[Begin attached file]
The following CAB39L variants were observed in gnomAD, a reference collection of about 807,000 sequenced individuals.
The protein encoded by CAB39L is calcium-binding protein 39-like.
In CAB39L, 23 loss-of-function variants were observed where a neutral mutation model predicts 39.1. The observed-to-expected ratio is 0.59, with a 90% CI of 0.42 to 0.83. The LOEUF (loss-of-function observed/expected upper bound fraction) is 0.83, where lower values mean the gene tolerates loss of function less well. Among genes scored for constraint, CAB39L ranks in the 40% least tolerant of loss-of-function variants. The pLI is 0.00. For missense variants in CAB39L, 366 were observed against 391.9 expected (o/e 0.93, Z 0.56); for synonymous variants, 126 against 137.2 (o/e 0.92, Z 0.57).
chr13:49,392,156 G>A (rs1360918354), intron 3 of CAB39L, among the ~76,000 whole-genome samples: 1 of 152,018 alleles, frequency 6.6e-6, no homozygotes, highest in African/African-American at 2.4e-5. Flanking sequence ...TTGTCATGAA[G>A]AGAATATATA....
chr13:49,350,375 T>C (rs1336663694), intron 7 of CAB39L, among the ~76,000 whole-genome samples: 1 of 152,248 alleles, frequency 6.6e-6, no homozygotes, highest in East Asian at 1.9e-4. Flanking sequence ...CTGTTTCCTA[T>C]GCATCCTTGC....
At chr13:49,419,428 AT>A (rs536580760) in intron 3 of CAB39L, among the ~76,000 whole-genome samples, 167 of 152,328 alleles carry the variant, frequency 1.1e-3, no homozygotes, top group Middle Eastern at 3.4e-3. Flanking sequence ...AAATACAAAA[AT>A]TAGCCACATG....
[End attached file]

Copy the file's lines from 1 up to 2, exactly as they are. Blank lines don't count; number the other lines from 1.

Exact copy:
The following CAB39L variants were observed in gnomAD, a reference collection of about 807,000 sequenced individuals.
The protein encoded by CAB39L is calcium-binding protein 39-like.